How Fitness Center Franchisees Can Adapt During COVID-19
As the COVID-19 virus spread across the country in the last few months, nearly every state and local government issued social distancing guidelines and stay-at-home orders. This resulted in closures of all non-essential businesses, including health and fitness centers.
All of us are trying to navigate through this uncertain time, from our personal schedules and interactions to our financial stability. While owners and employees in any industry deal with the harsh reality of having their business closed, they also face the troubling unknown of how long this period will continue.
This is a time that requires strong leadership from franchise owners of health and fitness centers. Employees, customers and vendors are all looking to them for answers. There is no manual for how to deal with a business closure due to a worldwide pandemic. Owners need to make difficult decisions very quickly during an unknown time.
Here are some key factors they should consider in guiding their business during this challenging period.
The very first thing a franchise owner should do is develop a plan and communicate it with everyone. This needs to be done early and with clarity. Uncertainty leads people to be fearful of the worst-case scenarios. It is important to quickly establish a plan, communicate with others how it will take place and let them know how you will be there for them.
Employees will want to know if and how they will be financially supported. If they are not able to continue working, they will need to know about some of the current programs that can provide them with an opportunity to make nearly as much money through unemployment benefits. Customers need to know the plan for the fitness center and how it effects their membership. Franchisees need to communicate with the franchisor that the business is closed and what their plan will be in the interim.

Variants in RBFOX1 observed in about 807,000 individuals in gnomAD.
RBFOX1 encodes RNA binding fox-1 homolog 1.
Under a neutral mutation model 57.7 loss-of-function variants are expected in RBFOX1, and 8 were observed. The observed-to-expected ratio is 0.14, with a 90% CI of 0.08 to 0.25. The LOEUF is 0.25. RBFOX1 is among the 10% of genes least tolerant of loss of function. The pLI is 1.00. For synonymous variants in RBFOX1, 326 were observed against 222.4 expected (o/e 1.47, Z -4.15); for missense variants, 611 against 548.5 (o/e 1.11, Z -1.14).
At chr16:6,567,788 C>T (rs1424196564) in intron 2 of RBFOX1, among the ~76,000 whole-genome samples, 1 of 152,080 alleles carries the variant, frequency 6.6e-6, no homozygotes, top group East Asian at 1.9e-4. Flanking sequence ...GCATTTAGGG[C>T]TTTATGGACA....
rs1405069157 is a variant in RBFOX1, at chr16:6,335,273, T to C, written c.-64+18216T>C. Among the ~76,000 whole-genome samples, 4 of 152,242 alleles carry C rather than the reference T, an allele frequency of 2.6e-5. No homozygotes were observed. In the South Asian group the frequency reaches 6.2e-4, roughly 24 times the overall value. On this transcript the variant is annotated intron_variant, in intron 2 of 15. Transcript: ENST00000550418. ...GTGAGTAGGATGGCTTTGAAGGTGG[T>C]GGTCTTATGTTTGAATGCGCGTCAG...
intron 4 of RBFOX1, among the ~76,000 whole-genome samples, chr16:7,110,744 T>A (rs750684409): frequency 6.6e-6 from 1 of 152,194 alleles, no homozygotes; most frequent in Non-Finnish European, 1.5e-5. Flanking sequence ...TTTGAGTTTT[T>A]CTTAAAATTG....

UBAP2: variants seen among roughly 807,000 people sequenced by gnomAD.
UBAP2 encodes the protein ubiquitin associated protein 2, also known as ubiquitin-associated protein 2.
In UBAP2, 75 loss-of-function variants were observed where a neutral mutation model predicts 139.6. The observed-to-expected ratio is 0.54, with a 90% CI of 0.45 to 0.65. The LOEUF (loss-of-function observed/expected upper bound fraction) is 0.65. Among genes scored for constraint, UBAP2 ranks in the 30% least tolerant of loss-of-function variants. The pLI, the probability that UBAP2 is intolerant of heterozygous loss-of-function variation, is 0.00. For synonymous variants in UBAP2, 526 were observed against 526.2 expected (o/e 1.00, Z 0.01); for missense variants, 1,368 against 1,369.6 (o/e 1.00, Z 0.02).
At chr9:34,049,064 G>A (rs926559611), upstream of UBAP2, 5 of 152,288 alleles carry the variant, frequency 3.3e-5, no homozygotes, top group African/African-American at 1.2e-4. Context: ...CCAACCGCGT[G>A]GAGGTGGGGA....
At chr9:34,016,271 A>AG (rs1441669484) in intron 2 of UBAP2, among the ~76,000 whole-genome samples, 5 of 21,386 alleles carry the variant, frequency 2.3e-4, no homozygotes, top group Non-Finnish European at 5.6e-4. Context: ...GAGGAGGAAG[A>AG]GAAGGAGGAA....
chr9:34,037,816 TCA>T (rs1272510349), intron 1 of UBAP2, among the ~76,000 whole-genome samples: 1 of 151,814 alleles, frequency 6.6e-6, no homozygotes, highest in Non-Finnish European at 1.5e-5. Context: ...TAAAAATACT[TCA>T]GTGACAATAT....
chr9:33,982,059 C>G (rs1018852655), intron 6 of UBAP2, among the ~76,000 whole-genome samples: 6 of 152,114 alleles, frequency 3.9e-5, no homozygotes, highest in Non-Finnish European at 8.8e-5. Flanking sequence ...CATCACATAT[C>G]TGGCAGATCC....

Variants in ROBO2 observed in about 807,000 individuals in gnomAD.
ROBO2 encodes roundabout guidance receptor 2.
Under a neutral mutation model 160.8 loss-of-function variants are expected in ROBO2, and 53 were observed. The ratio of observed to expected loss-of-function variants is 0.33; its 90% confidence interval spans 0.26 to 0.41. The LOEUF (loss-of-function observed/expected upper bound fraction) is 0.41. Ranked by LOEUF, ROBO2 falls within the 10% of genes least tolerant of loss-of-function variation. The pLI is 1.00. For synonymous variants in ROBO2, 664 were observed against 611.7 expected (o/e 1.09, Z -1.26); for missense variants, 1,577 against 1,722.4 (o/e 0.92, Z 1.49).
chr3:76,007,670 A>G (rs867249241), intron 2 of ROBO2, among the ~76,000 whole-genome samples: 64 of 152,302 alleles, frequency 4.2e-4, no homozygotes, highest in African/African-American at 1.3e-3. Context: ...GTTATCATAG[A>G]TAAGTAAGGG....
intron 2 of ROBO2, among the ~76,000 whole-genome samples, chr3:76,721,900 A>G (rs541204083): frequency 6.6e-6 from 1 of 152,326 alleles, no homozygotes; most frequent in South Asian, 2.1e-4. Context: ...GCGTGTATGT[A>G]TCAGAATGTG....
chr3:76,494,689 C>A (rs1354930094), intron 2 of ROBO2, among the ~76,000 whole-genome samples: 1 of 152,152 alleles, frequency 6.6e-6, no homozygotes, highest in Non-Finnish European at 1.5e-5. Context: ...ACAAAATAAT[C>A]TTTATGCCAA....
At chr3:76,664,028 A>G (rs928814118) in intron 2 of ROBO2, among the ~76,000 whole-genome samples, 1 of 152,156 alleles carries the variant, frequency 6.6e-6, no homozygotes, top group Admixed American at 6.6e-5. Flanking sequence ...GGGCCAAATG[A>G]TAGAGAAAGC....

A good franchisor will stay in constant contact with their franchisees and help support them during this time. The best thing a franchisor can do is to work closely with their franchisees, share experiences and help with the government initiatives such as the Paycheck Protection Program and the Economic Injury Disaster Loan program. They can also set up conference calls and virtual meetings to provide guidance on how to retain employees and customers.
Stop the Bleeding
It is obviously a jarring experience to go from normal operations to being shut down and making no money in a matter of days. Some of the first steps require contacting legal counsel, banks, insurance providers and landlords about business interruption claims and rent payments. Money will surely be lost during this time, but they should take the necessary steps to minimize the damage as much as possible.
The number one goal in the fitness industry is to retain customers and that rule still applies. Stay connected with the most loyal customers and give them the option to continue to pay their monthly fee if they would like. I am a member of two clubs and will continue my membership because I know it is going to help them. Some people will feel the same way while others will want to stop.